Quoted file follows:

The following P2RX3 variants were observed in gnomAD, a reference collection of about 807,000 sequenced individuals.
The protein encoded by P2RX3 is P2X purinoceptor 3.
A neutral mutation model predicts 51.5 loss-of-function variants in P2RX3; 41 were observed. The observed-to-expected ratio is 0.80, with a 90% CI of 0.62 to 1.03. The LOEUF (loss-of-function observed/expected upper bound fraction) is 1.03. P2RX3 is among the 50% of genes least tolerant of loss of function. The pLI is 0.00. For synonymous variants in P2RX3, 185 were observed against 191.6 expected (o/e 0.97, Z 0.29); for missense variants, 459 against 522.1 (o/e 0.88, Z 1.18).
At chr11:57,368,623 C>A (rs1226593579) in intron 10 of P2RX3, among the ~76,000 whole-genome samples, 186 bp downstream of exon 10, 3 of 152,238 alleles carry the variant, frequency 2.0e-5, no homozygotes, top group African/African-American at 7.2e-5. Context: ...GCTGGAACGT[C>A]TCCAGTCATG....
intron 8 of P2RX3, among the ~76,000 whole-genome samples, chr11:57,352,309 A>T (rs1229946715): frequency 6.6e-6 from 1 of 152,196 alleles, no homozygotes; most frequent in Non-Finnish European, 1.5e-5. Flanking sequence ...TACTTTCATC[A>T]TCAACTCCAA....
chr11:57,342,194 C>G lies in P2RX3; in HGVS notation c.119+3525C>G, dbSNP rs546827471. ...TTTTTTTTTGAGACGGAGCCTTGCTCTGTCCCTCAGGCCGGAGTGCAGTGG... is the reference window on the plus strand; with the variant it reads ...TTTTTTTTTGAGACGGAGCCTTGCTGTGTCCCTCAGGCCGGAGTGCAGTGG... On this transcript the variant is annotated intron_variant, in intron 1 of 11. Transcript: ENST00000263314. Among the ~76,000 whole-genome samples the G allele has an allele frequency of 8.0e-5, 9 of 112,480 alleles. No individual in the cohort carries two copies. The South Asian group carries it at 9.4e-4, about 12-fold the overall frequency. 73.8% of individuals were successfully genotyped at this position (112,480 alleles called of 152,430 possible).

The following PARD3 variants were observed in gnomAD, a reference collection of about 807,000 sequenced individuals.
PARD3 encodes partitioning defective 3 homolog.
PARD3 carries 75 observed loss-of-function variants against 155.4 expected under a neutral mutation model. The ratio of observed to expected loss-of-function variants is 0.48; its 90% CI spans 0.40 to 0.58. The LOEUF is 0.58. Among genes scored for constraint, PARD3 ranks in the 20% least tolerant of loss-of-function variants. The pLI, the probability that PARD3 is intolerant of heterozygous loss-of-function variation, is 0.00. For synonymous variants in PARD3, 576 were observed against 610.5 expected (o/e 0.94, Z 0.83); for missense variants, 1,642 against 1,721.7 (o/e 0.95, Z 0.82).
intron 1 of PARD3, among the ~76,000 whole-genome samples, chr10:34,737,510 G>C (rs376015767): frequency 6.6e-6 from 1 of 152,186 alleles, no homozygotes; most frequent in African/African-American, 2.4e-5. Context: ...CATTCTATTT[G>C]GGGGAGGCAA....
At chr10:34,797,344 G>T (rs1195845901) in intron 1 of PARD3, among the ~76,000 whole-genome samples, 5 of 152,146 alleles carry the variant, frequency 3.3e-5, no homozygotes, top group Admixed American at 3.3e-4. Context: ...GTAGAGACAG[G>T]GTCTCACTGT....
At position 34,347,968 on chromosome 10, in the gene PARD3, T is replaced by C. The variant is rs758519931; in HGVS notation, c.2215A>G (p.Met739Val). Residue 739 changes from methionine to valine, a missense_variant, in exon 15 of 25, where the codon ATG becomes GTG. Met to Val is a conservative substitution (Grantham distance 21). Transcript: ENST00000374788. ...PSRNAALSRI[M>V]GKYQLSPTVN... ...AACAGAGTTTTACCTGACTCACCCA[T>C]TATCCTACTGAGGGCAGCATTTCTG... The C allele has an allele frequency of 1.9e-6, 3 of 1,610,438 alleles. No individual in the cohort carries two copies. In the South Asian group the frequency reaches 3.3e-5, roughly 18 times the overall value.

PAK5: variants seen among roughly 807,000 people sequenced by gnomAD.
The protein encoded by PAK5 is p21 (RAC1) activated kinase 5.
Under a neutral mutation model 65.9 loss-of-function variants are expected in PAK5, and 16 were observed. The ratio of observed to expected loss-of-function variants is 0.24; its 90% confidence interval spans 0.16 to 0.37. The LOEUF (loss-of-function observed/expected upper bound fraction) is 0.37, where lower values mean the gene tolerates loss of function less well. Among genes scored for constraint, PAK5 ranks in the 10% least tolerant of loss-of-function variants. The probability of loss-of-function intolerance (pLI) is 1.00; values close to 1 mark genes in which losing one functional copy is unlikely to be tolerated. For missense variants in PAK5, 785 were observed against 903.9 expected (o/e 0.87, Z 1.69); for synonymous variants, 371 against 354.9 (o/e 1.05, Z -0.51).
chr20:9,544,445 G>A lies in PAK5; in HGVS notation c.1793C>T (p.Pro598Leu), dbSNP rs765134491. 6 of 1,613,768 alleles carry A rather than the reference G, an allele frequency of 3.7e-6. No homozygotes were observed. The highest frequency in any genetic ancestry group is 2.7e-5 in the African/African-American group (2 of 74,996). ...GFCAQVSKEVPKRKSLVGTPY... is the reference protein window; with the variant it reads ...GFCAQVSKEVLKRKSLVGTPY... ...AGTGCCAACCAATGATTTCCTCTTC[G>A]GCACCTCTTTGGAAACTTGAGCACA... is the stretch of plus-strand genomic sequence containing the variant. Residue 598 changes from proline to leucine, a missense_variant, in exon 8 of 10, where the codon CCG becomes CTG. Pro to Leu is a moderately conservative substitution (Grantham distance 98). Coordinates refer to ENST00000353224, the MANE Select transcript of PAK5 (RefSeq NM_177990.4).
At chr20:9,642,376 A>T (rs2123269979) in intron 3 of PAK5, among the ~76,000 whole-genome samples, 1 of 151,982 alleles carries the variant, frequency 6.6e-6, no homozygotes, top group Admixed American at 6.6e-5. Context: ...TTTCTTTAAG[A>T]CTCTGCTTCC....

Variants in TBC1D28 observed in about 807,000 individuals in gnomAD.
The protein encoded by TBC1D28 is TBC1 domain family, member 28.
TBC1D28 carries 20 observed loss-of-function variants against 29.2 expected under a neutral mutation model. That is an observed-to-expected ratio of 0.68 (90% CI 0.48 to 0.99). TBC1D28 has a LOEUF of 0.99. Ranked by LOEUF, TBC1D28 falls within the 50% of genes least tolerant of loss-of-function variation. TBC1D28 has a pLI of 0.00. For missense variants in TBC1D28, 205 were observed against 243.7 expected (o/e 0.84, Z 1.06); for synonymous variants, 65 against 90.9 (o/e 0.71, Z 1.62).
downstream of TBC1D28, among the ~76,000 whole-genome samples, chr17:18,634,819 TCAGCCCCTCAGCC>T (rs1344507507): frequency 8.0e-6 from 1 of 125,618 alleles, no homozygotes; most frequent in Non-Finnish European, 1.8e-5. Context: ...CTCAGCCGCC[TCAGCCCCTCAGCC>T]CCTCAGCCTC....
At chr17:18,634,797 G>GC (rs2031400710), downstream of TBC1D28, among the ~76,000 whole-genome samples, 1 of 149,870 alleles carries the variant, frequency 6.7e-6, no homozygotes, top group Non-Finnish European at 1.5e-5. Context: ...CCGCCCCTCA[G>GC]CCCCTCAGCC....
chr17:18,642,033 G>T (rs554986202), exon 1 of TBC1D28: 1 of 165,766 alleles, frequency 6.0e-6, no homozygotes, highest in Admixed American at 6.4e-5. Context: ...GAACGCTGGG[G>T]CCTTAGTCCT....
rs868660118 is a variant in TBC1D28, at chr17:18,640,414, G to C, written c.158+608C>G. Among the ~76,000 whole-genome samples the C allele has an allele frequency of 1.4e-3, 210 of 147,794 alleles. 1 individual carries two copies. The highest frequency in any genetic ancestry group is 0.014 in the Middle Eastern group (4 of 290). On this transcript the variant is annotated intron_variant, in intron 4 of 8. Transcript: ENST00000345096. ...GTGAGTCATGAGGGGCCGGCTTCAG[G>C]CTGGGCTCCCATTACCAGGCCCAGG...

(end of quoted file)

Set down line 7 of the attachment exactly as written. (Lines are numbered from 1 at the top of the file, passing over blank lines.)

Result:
The following PARD3 variants were observed in gnomAD, a reference collection of about 807,000 sequenced individuals.